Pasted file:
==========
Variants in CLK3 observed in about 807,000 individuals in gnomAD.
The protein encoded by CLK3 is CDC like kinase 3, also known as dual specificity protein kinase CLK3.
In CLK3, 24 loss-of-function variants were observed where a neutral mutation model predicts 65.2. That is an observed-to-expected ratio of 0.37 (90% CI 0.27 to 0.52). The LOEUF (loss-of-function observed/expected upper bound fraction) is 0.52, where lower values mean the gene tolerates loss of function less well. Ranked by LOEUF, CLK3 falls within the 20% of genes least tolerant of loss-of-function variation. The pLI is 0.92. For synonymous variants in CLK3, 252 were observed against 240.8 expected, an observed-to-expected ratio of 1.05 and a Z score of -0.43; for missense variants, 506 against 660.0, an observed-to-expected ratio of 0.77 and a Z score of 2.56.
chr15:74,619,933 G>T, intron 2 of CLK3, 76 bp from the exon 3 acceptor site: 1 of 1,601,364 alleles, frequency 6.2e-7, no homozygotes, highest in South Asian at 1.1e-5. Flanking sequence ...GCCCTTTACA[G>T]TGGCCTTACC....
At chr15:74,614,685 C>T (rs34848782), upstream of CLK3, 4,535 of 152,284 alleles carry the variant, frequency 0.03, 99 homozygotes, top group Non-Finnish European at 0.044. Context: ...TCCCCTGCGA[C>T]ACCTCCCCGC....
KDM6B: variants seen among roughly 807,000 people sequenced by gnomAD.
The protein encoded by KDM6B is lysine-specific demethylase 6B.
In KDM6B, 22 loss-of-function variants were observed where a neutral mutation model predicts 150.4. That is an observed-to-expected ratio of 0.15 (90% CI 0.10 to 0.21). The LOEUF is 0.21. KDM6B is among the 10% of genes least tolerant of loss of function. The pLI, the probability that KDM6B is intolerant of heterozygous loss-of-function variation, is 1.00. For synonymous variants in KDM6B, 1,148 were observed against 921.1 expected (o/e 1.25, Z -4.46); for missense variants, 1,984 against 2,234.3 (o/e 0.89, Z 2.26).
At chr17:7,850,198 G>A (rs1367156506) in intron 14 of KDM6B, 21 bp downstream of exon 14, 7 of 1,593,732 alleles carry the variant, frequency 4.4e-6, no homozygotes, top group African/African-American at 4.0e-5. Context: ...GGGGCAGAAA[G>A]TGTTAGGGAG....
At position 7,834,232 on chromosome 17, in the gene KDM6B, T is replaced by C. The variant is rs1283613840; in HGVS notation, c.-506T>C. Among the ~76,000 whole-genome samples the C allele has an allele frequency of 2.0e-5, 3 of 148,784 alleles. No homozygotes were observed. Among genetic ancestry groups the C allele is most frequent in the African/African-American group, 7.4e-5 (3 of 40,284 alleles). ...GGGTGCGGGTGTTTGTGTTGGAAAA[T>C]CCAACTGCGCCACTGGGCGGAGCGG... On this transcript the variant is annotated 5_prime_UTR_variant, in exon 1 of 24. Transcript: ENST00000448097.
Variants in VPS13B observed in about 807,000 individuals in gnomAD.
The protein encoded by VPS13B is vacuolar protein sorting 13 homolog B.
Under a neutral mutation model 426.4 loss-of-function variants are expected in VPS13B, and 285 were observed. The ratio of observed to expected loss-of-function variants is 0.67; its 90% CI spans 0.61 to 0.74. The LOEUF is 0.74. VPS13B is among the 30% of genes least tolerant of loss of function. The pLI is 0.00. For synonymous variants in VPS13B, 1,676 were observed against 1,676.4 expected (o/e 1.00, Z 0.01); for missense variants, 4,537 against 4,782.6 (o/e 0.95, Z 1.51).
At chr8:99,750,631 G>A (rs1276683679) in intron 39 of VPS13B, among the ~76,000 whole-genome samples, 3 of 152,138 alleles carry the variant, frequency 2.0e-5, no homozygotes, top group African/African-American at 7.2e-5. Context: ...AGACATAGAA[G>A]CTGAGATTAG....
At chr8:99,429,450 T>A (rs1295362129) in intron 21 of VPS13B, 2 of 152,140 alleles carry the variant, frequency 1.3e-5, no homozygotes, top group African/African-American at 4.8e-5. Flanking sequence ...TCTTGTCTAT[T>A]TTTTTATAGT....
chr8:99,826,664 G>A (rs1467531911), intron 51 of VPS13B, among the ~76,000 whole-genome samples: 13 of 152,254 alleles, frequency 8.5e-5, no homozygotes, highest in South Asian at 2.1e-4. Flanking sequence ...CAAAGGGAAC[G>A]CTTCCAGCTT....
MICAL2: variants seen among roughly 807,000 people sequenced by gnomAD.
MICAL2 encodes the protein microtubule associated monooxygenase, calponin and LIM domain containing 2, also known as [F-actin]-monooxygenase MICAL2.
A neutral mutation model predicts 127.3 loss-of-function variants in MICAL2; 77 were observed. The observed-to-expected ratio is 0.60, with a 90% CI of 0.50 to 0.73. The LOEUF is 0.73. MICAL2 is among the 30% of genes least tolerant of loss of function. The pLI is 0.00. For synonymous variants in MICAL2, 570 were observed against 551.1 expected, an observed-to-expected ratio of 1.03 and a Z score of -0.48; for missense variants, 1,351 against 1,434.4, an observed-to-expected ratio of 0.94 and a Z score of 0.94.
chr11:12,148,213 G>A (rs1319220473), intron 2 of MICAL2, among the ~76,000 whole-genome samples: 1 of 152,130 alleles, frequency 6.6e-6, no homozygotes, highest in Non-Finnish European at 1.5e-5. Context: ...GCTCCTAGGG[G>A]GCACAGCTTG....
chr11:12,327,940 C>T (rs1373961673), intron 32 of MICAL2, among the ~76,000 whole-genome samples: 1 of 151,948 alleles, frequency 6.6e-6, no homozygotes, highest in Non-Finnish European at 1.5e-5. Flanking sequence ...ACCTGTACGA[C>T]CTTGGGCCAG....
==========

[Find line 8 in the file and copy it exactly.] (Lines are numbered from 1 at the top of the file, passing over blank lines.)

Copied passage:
In KDM6B, 22 loss-of-function variants were observed where a neutral mutation model predicts 150.4. That is an observed-to-expected ratio of 0.15 (90% CI 0.10 to 0.21). The LOEUF is 0.21. KDM6B is among the 10% of genes least tolerant of loss of function. The pLI, the probability that KDM6B is intolerant of heterozygous loss-of-function variation, is 1.00. For synonymous variants in KDM6B, 1,148 were observed against 921.1 expected (o/e 1.25, Z -4.46); for missense variants, 1,984 against 2,234.3 (o/e 0.89, Z 2.26).